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Difficulties in the Transfer of Information between Languages

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The following difficulties are derived by Anthony Judge from the study by Mildred Larson on 'Meaning-based translation; a guide to cross-language equivalences' (99). This document is Annex 2 of Review of Frameworks for the Representation of Alternative Conceptual Orderings as Determined by Cultural and Linguistic Contexts

1. Differences in packaging of meaning components

A concept, considered as distinct from the word by which it is conveyed, is a recognizable unit of meaning. It may be broken down into meaning components and as such is a bundle of meaning components. 

Larson quotes Barnwell:

'In a given language, the concept unit usually, but by no means always, is represented by a word; it may also be represented by a morpheme, or by an idiomatic expression, or by tone, or by word order. Concepts are identified in a given language on the principle of contrast and comparison within the system of that language' (1980, 141).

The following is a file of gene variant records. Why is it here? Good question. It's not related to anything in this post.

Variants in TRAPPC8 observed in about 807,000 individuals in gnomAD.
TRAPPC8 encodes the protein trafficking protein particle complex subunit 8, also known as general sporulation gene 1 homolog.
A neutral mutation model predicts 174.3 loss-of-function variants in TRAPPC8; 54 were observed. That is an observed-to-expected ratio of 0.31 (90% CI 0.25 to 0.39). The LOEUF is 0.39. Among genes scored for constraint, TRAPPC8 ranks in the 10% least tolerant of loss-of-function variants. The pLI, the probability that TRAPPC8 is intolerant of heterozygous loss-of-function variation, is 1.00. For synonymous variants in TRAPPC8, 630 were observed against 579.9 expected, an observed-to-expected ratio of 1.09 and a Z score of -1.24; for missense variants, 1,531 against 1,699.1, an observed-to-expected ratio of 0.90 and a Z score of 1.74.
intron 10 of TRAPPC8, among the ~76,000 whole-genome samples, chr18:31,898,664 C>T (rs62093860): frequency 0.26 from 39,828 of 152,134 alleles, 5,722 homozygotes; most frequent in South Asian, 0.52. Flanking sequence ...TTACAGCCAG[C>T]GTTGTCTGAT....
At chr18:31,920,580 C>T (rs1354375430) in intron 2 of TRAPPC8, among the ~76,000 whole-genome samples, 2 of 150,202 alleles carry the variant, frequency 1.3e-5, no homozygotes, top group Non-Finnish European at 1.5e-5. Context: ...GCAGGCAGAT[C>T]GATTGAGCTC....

Although all languages have concepts, they do not have the same concepts. Each language conceptualizes in a different manner, packaging the phenomena of reality together in different ways and then reinforcing such distinctions by naming them. 

Larson's examples include:

Each language has its own system for arranging concepts into different parts of speech making it risky to seek one-to-one equivalents. One language may use the verb form more frequently, where another will seek to express the same meanings by means of a verbal noun or an adjective. Such skeewing between the grammar and semantic structure is a device which counteracts monotony in the presentation of information. Such devices are a part of the style but will not accomplish the intended purpose if translated into a second language. In order to restate the information in a second language it may be necessary to unpack the concepts and then repackage them in a manner appropriate to the concept scheme of that language. 

2. Differences in relationships between concepts